"Given that current laws in Canada already provide adequate protections, Bill C-16 drives a politically correct narrative that reinforces the attitude that everything down to everyday word use should be regulated by the government and that is dangerous for Canadians' right to free speech," he said. "It’s time governments stop this chronic political correctness."
Boyd Kodak, chair of the Toronto Trans Alliance, fired back:
"It's not about inconveniencing others like Mr. Lemieux and Dr. Peterson by them having to adapt and evolve; it's about not being hateful and invoking a hostile environment. No one is telling them what they must believe, just that they cannot spew their venom in society. These comments should not be coming from two men in their position....They are behaving like bullies."
Bill C-16 more about behaviour than words
Bill C-16 is not about criminalizing pronoun misuse, says Brenda Cossman, a law professor at the University of Toronto. Even if the legislation is passed, she says it's unlikely that refusal to use the appropriate pronoun without some additional offence would rise to the threshold of hate speech required to prosecute.
"Hate speech laws in Canada have only been used, and only can be used, against extreme forms of speech – explicitly and extreme forms of homophobic, anti-Semitic or racist speech," Cossman wrote in a recent blog post for the university. "Moreover, prosecution needs the approval of the attorney general."
Morgane Oger, a transgender-rights activist and chair of the Trans Alliance Society, agreed and said the legislation, in practice, would sooner protect her from being refused service at a bank based on her gender identity than protect her from someone calling her "Mr. Oger" instead of "Ms. Oger."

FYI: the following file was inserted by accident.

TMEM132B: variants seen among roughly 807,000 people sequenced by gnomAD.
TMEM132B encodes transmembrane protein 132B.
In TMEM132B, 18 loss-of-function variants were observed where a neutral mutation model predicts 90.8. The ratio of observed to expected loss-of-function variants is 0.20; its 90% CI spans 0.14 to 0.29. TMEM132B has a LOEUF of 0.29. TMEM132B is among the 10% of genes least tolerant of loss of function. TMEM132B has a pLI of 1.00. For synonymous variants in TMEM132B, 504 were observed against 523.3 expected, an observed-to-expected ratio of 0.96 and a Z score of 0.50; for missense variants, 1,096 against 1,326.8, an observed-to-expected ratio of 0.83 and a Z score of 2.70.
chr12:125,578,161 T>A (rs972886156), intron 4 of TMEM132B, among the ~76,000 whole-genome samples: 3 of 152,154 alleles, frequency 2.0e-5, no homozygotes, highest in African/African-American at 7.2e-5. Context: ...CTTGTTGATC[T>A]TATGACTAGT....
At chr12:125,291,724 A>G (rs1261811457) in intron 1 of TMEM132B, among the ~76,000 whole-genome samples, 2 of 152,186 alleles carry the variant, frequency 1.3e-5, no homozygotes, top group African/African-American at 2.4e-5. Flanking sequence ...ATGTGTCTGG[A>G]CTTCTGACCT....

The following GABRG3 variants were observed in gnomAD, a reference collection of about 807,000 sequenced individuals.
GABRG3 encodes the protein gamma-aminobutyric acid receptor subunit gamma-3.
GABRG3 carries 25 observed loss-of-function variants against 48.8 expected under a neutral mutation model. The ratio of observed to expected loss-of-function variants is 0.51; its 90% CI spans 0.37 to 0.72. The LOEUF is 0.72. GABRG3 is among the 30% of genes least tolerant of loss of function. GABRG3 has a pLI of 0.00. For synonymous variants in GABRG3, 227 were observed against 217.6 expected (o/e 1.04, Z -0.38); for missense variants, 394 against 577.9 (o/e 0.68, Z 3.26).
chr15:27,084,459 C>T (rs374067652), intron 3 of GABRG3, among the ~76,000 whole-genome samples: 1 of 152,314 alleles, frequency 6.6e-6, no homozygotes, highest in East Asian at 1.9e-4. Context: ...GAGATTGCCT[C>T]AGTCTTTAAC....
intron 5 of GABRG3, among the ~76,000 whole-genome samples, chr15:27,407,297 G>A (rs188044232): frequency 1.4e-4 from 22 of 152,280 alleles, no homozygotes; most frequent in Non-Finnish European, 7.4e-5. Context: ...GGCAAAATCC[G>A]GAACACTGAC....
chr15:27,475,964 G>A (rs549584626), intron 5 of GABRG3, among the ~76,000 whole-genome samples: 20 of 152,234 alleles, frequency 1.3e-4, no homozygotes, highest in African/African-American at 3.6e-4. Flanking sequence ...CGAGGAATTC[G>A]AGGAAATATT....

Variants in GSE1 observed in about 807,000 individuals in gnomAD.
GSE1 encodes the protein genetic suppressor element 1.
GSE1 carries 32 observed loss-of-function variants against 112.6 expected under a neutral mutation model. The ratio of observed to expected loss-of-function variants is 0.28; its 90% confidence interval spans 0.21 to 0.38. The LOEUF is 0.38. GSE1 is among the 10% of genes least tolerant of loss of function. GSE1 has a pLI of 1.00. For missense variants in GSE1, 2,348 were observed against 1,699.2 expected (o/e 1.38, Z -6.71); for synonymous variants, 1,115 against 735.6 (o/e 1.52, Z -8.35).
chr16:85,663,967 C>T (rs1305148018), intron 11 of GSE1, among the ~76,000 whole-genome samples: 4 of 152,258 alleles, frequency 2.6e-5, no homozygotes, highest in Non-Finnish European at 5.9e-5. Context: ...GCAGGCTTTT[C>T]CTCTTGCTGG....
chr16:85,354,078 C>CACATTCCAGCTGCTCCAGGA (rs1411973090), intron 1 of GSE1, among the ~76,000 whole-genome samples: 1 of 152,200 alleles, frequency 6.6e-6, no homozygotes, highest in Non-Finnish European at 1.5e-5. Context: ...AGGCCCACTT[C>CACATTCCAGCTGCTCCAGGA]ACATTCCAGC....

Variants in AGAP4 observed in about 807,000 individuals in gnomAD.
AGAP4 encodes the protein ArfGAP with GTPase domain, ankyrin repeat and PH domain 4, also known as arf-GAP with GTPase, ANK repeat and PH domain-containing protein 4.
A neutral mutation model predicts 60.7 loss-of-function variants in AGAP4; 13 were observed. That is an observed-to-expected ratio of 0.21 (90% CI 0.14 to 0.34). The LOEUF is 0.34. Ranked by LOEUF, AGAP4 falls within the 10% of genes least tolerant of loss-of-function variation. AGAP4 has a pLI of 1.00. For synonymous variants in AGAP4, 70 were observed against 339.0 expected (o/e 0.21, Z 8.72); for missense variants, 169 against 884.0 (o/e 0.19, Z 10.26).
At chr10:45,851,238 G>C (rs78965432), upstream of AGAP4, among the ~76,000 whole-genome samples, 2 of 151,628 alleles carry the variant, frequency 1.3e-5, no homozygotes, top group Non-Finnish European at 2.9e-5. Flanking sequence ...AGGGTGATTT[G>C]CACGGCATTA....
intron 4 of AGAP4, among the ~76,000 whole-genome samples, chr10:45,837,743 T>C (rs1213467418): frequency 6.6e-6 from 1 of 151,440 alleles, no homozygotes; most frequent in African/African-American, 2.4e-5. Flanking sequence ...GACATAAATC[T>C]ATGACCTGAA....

Most provinces and territories already include gender identity and expression in their Human Rights Codes, she added, including the Northwest Territories, Ontario, Nova Scotia, Prince Edward Island, Newfound and Labrador, Saskatchewan and Alberta. It's time for Lemieux and the federal government to catch up, she said.
"What’s happening here is some individuals who are trying to cause trouble are using hyperbolic and wrong statements to press their points," she told National Observer. “All the Criminal Code is doing is adding the provision to gender identity and gender expression that is already there for, for example, religious identity or expression, race and others. There’s nothing more to this than that, and unfortunately there are some people in society and politics that prey on the underinformed."
Oger is running as an NDP candidate in B.C.'s provincial election this spring, and if elected, would be Canada's first transgender MLA. She said she works hard to dispel hateful rhetoric, and encouraged the public to see Lemieux's platform for what it really is.
"It’s a sad, sad state that the federal Conservatives have people who are offering to be leaders who don’t understand the laws they would be making,” she said. "You would think that in 2017, the federal Conservatives would have learned their lesson."
Lemieux is one of 14 candidates running in the Conservative leadership race, which ends with a vote on May 27. Despite pundits having said that the race has no clear front-runner, a new poll by Insights West found that only four of them — Lisa Raitt, Kevin O'Leary, Kellie Leitch, and Maxime Bernier — are actually familiar to a majority of Canadians.
Lemieux served as parliamentary secretary to the ministers of veterans affairs and agriculture during nearly 10 years of service under the Harper government before losing his seat in the 2015 federal election. He was a soldier in Canadian Armed Forces for two decades and is a husband and father of five children.